If your plant is subjected to sudden temperature or lighting changes, such as extreme heat or cold, this explains why it may begin to show signs of purple coloration.
When grown in average indoor conditions and temperatures, String of Pearls plants do exceptionally well.
Stress symptoms may appear if you expose them to excessive amounts of direct sunlight, extreme temperatures, or prolonged periods of darkness.
This is especially true when the changes occur quickly and the plant has little time to adjust to the new environment.
If you notice that your plant’s leaves have turned purple after moving it or changing the environment in your home, you should investigate what is causing the temperature or light variations.
The following are examples of possible culprits:
- Placing the plant next to a vent or air conditioner
- Moving the plant outside to next to a large sunny window
- Locating the plant next to a heater
Maintain a safe distance between your String of Pearls plant and air conditioners, vents, and cold doors.
Maintain a temperature of 70-80°F (21-27°C) around your plant in the summer and a little cooler in the winter.
Root System Problems and Root Rot
The leaves of your plant receive insufficient nutrients and moisture when the root system is compromised.
This deficiency can cause the entire plant to become stressed, resulting in stunted growth, shriveling, and purpling leaves. Root rot is one condition that can cause this effect.
You may have root rot if you notice your plant’s roots and stems turning mushy and brown.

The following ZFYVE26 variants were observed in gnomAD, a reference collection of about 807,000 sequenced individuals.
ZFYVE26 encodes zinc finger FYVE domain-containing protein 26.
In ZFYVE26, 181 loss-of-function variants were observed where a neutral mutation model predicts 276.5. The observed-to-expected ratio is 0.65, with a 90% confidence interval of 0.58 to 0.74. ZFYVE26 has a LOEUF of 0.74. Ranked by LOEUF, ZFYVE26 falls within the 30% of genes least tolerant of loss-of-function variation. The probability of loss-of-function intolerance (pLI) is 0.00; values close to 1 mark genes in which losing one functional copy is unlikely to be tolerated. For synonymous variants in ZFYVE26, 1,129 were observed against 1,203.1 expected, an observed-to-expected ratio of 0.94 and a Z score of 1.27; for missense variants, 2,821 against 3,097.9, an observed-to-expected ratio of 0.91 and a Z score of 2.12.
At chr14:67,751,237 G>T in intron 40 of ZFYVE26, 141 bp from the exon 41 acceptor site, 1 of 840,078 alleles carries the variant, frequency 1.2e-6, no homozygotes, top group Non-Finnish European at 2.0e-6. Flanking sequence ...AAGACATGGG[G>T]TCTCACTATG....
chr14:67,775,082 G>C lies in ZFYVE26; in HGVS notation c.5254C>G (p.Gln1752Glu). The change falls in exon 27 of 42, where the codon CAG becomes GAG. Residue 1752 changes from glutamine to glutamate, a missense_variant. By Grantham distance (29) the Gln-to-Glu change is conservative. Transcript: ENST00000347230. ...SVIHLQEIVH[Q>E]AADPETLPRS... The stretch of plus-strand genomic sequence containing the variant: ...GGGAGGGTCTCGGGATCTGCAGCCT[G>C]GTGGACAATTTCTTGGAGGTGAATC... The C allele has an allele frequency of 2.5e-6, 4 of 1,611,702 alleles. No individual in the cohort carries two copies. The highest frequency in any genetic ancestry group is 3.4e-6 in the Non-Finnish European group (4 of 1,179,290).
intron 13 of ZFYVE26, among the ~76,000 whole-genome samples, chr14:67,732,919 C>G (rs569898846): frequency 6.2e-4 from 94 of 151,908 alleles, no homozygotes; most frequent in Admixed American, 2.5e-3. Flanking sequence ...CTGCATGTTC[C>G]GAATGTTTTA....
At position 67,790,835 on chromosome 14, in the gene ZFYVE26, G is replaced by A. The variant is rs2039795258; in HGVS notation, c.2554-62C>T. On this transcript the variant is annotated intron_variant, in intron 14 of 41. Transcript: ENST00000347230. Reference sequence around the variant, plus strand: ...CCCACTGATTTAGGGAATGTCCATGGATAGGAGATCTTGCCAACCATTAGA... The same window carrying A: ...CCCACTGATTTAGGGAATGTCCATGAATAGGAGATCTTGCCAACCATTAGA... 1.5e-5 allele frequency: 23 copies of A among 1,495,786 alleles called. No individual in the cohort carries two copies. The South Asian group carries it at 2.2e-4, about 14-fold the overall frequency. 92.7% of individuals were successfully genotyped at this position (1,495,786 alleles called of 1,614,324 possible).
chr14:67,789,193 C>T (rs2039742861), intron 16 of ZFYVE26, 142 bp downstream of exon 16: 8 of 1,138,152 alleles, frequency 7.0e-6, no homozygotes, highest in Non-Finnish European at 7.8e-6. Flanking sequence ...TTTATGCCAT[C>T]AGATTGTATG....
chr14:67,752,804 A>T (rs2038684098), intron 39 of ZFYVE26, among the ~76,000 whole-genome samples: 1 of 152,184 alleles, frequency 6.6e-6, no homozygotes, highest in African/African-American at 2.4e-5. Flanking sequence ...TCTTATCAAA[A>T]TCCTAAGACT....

If allowed to spread, this disease is very dangerous and could kill your String of Pearls.
Overwatering, poor drainage, or fungal infection are the most common causes.
If you buy a purple or blue String of Pearls, make sure the roots are healthy and the plant isn’t suffering from root rot. Roots that are in good health are firm and white.
Remove all affected plant parts with sterilized scissors and immediately stop watering your plant, allowing the soil to dry. If there is a lot of damage:
Step 1: Take the plant out of its pot.
Step 2: Remove the soil to reveal the roots, then wash them in a sink.
Step 3: Soak the roots in a fungal pesticide, then place them in a well-ventilated, dry location with indirect light.
Step 4: Allow the roots to dry before replanting the cactus in fresh cactus potting soil.
Leaves might also turn purple if the plant doesn’t have good drainage. When cultivating a String of Pearls plant, place it in a clay or terracotta pot with good drainage holes and give it plenty of light.